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While I learned that some flooded cells have a superior cycle life, AGMs are still the battery in my future. I do not enjoy battery maintenance - I prefer to sail - and there are so many additional benefits to using AGMs over flooded cells. Since our boat already has a powerful charging system, the next logical step is to install better batteries to take advantage of it.

Thus, our battery compartment saw a refit and expansion in order to house 6 group GPL4C AGMs by Lifeline to replace the 3 group 30H batteries there before. The diesel engine is now totally "over-batteried" with over 900CCA while the house bank grew from 260 to 400 Ah of capacity.

The new AGM battery banks consist of a series configured starter bank (2x6 Volt Cells) and a series-parallel configured house bank (2 sets of 2x6V cells). While the boat is fused with 2 sets of 200A Class T fuses, and the connectors that put the house bank batteries into series also feature 200A fuses. Thus, I can safely combine maximum battery life and performance with much less maintenance.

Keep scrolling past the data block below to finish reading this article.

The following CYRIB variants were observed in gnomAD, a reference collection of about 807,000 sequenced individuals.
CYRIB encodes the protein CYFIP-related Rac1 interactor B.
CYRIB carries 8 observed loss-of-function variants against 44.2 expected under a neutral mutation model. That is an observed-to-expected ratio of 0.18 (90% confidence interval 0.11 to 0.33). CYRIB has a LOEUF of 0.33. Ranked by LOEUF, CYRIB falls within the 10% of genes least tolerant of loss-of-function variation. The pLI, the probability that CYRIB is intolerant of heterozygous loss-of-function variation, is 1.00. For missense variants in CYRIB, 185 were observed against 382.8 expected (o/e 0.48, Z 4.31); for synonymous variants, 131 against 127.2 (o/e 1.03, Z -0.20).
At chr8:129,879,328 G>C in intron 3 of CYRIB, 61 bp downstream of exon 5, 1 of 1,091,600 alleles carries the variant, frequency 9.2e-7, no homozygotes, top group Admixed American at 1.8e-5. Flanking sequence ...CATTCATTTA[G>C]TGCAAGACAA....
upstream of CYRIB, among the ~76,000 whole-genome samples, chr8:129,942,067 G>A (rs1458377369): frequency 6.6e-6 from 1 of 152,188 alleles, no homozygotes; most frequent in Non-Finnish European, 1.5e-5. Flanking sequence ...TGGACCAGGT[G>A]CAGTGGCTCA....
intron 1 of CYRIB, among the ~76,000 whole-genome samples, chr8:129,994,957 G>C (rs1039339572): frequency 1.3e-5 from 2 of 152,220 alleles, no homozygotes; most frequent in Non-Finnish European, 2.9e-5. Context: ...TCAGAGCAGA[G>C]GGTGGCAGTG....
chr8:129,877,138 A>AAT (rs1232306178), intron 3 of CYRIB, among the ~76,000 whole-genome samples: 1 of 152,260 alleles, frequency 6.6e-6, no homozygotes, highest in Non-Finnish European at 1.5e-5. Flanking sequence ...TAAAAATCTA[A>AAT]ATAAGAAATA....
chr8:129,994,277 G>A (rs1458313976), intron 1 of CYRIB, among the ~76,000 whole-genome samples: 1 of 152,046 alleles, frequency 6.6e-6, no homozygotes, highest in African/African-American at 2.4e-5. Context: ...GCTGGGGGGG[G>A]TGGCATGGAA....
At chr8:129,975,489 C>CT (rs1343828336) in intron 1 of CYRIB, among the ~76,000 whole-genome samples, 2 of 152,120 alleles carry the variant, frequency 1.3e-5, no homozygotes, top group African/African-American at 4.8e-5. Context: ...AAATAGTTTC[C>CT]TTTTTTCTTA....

Remember, battery and charge systems can be very powerful and dangerous. If you are competent enough to read, understand, and follow the guidelines found in marine electrical manuals, you can do much of the work yourself. However, don't blame me if something goes wrong!

Even if you want someone else to do the work, it is always better to understand and know what to look for when inspecting the system. The entire electrical system on board will have to be sized to accommodate the intended loads and charge systems. It is up to you to ensure that whatever changes are made to your system meet ABYC and other marine electrical standards. Good luck on your journey and happy sailing.

Constantin von Wentzel